The Case for Torture

Satisfactory Essays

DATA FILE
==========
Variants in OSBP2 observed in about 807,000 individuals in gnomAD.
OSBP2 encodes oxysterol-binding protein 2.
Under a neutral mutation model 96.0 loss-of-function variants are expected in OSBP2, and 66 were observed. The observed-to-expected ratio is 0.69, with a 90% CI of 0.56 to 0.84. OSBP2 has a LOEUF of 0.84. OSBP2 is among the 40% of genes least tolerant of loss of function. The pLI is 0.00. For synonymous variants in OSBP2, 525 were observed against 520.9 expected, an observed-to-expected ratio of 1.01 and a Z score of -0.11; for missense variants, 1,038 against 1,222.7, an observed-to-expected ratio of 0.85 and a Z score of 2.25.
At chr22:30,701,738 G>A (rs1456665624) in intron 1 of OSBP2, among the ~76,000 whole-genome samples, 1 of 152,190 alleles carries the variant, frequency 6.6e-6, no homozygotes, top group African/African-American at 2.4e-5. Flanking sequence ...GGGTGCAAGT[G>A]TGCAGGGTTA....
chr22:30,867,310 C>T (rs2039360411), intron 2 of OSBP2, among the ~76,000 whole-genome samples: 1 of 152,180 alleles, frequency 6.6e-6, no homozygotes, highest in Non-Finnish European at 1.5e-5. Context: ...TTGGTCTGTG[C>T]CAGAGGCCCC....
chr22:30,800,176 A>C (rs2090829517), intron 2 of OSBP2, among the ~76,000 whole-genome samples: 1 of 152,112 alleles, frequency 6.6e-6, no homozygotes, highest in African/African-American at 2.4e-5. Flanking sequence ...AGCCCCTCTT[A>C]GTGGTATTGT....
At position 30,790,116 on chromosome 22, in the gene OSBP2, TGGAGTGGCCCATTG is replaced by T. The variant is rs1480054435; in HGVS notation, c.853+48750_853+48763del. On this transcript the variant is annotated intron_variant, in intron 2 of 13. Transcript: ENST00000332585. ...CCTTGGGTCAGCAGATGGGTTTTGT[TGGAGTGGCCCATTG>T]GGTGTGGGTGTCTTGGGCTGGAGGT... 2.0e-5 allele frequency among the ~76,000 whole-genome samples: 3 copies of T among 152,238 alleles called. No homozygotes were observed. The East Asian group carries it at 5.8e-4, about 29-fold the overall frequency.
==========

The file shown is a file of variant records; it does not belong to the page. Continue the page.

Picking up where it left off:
I seek to provide an analysis on Michael Levin's article on "The Case for Torture." This article mainly articulates that the use of torture is necessary in order to safeguard the lives of the many innocents and is justifiable. In his given example, he argues that the mass murder of millions of innocent people by a terrorist justifies the use of torture to stop such an extreme barbaric act. Indeed this is a question of moral on the action of inflicting pain. Take a look at the scenario of a war. We will never say that it is immoral to let out soldiers kill or inflict pain on the enemies in a war because we know that it is the only way to safeguard our nation's sovereignty and the lives of our people. The motives are very clear as mentioned. Thus it is justifiable to let our soldiers kill those who intended to harm the lives of our citizens. When a terrorist has clearly intended to harm the lives of millions, why is it not justified then, to inflict pain on the terrorist, with the motive of wanting to protect the lives of many more innocent people? Surely it is! Take a look at this argument: Constitution seeks to protect the interest of one's rights. To torture a person is to breach that protection of interest. Therefore, Torture is unconstitutional. Torturing is however, unconstitutional only when the motives behind it are deemed reasonably immoral. We should then of course not inflict pain mainly just to force the other party to confess the truth to a matter if he does not wish to. But what if the truth will then lead to the location of say, a timed-bomb, which will then be diffused in time to prevent an entire office block to collapse, bringing with it a thousand or more lives? Should the constitution then continue to protect the terrorist against such torture? The author said that millions of lives outweigh constitutionality. Surely it is not justiable for a constitution to uphold the rights of a terrorist, but at the expense of the thousands that, too, holds the right to live never asked to be placed in such danger. Again, the moral of one's action must be reviewed in such cases. On a personal note, I feel that to sacrifice one that is convicted, in exchanged for the many innocents, is a permissible one.
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